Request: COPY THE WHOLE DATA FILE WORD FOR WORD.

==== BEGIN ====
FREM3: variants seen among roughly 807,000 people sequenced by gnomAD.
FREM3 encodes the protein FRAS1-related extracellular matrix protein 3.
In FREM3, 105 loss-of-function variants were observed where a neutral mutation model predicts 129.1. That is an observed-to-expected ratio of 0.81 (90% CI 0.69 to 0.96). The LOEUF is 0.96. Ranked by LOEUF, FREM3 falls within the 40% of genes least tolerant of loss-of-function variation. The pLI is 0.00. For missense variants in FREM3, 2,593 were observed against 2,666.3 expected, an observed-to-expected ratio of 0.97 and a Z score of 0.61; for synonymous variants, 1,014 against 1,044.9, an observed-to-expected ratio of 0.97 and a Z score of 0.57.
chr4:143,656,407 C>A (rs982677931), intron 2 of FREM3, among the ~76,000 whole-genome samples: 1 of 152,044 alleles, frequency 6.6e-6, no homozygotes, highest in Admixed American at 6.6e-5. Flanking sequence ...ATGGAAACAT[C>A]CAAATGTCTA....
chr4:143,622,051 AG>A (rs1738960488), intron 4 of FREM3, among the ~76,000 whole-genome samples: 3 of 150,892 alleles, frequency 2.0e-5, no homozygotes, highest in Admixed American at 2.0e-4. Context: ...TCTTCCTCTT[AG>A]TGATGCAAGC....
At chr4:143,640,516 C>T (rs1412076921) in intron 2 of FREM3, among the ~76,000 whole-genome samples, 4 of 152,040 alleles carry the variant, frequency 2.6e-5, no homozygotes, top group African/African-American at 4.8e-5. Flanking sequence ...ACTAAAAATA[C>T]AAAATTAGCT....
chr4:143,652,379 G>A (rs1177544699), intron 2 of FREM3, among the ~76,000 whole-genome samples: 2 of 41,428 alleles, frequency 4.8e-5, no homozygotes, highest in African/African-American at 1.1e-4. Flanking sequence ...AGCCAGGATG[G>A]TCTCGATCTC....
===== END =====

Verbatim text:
FREM3: variants seen among roughly 807,000 people sequenced by gnomAD.
FREM3 encodes the protein FRAS1-related extracellular matrix protein 3.
In FREM3, 105 loss-of-function variants were observed where a neutral mutation model predicts 129.1. That is an observed-to-expected ratio of 0.81 (90% CI 0.69 to 0.96). The LOEUF is 0.96. Ranked by LOEUF, FREM3 falls within the 40% of genes least tolerant of loss-of-function variation. The pLI is 0.00. For missense variants in FREM3, 2,593 were observed against 2,666.3 expected, an observed-to-expected ratio of 0.97 and a Z score of 0.61; for synonymous variants, 1,014 against 1,044.9, an observed-to-expected ratio of 0.97 and a Z score of 0.57.
chr4:143,656,407 C>A (rs982677931), intron 2 of FREM3, among the ~76,000 whole-genome samples: 1 of 152,044 alleles, frequency 6.6e-6, no homozygotes, highest in Admixed American at 6.6e-5. Flanking sequence ...ATGGAAACAT[C>A]CAAATGTCTA....
chr4:143,622,051 AG>A (rs1738960488), intron 4 of FREM3, among the ~76,000 whole-genome samples: 3 of 150,892 alleles, frequency 2.0e-5, no homozygotes, highest in Admixed American at 2.0e-4. Context: ...TCTTCCTCTT[AG>A]TGATGCAAGC....
At chr4:143,640,516 C>T (rs1412076921) in intron 2 of FREM3, among the ~76,000 whole-genome samples, 4 of 152,040 alleles carry the variant, frequency 2.6e-5, no homozygotes, top group African/African-American at 4.8e-5. Flanking sequence ...ACTAAAAATA[C>T]AAAATTAGCT....
chr4:143,652,379 G>A (rs1177544699), intron 2 of FREM3, among the ~76,000 whole-genome samples: 2 of 41,428 alleles, frequency 4.8e-5, no homozygotes, highest in African/African-American at 1.1e-4. Flanking sequence ...AGCCAGGATG[G>A]TCTCGATCTC....